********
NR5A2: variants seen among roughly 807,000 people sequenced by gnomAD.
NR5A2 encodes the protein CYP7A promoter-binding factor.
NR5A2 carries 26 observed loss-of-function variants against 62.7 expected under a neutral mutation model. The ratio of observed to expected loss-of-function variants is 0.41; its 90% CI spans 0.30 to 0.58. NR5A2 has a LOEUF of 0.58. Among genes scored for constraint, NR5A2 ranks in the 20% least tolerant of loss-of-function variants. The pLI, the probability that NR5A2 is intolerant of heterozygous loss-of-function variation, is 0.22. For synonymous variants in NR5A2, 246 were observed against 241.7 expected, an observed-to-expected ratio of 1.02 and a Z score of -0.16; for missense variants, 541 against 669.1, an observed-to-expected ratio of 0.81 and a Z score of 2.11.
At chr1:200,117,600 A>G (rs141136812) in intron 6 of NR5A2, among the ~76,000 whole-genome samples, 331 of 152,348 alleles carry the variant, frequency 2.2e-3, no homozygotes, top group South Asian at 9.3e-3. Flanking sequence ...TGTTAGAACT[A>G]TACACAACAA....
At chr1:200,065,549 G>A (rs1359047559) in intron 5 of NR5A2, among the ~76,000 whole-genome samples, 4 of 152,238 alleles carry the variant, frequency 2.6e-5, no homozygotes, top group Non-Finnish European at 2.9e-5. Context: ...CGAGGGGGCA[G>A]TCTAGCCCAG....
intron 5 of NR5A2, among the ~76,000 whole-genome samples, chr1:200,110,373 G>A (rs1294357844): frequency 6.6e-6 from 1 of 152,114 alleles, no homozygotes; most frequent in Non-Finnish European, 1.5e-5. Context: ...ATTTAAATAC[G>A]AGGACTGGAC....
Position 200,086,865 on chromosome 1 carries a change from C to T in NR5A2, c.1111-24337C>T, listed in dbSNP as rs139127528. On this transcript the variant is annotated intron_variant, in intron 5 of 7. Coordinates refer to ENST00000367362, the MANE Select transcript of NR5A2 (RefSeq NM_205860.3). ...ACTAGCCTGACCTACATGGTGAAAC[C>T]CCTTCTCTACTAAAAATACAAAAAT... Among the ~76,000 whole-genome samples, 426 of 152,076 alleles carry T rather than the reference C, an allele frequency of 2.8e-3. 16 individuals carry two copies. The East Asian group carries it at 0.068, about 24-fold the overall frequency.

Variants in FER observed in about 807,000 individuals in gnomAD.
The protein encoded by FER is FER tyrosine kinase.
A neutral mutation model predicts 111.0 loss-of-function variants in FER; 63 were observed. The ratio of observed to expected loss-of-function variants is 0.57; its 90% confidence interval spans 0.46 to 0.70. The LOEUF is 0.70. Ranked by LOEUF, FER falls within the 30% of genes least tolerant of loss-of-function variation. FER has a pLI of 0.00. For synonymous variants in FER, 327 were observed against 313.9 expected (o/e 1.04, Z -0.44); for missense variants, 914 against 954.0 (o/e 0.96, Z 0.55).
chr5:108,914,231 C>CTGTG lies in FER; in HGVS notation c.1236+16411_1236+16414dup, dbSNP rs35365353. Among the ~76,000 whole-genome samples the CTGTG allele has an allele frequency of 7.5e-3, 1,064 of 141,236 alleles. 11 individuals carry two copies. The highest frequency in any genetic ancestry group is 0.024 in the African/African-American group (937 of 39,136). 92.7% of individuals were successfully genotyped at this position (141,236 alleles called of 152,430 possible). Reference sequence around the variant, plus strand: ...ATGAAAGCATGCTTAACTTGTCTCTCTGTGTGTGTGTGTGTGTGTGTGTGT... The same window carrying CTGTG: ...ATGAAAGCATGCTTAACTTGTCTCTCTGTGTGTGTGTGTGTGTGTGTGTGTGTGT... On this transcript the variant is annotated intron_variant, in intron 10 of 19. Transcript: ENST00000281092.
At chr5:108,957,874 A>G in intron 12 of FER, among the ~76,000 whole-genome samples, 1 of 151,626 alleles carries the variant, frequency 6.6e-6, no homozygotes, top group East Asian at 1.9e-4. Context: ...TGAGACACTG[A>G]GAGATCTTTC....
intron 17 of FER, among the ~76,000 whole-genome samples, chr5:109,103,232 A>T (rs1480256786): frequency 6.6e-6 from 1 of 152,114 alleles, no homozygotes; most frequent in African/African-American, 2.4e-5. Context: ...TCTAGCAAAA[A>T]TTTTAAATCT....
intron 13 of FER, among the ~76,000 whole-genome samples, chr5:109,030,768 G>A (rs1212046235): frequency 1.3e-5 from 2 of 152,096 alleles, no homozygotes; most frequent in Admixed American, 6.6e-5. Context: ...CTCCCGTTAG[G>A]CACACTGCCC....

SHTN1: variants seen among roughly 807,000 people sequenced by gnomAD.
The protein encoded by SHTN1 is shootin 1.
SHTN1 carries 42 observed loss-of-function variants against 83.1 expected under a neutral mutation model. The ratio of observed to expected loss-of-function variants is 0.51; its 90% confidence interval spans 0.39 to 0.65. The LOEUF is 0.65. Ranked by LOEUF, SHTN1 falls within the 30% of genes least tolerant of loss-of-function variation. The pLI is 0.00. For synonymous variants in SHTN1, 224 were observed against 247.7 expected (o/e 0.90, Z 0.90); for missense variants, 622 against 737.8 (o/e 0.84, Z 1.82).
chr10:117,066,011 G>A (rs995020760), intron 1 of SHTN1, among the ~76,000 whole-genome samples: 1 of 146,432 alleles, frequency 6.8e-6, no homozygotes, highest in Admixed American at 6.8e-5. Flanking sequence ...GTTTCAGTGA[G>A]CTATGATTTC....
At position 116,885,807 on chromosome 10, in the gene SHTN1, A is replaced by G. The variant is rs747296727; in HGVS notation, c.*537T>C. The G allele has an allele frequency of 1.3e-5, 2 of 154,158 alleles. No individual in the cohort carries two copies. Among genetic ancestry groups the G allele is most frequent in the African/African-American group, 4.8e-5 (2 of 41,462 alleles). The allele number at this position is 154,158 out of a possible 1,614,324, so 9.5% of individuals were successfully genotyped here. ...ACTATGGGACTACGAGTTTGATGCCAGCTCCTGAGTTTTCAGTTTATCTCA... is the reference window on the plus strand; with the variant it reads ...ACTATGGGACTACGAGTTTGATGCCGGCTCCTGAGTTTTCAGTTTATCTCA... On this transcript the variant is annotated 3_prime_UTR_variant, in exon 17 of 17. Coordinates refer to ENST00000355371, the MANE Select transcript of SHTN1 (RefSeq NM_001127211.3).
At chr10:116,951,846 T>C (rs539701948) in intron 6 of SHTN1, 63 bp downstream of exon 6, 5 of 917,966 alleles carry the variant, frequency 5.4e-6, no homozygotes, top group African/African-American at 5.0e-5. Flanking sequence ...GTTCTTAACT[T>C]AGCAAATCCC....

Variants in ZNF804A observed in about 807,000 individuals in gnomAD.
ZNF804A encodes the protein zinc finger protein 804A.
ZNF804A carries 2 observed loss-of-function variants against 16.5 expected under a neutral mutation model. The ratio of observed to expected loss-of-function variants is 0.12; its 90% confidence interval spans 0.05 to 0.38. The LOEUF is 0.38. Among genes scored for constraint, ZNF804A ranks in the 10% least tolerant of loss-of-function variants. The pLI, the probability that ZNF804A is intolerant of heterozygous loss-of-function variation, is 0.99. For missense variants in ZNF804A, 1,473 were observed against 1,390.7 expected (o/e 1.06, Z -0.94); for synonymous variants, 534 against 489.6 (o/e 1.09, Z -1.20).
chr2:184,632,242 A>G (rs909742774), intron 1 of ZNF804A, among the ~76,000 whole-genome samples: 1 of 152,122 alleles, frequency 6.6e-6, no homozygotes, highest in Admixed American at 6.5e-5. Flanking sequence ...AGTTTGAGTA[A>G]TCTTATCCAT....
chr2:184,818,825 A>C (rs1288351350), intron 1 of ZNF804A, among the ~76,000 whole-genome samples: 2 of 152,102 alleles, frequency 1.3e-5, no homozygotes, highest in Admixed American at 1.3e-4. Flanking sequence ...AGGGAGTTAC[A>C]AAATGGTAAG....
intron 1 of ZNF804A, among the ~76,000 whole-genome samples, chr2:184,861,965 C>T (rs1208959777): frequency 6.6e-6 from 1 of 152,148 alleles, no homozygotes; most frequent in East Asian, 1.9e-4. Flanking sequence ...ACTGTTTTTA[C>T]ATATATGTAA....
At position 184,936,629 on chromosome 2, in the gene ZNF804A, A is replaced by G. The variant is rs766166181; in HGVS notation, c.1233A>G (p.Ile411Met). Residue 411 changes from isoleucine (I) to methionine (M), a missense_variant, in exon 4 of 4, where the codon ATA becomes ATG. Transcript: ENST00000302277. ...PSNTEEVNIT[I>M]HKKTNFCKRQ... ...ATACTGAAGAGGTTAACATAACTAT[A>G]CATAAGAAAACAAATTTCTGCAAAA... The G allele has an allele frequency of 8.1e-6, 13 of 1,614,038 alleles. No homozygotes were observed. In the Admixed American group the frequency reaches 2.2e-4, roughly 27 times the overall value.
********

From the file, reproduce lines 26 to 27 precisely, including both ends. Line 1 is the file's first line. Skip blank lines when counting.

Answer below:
intron 1 of ZNF804A, among the ~76,000 whole-genome samples, chr2:184,861,965 C>T (rs1208959777): frequency 6.6e-6 from 1 of 152,148 alleles, no homozygotes; most frequent in East Asian, 1.9e-4. Flanking sequence ...ACTGTTTTTA[C>T]ATATATGTAA....
At position 184,936,629 on chromosome 2, in the gene ZNF804A, A is replaced by G. The variant is rs766166181; in HGVS notation, c.1233A>G (p.Ile411Met). Residue 411 changes from isoleucine (I) to methionine (M), a missense_variant, in exon 4 of 4, where the codon ATA becomes ATG. Transcript: ENST00000302277. ...PSNTEEVNIT[I>M]HKKTNFCKRQ... ...ATACTGAAGAGGTTAACATAACTAT[A>G]CATAAGAAAACAAATTTCTGCAAAA... The G allele has an allele frequency of 8.1e-6, 13 of 1,614,038 alleles. No homozygotes were observed. In the Admixed American group the frequency reaches 2.2e-4, roughly 27 times the overall value.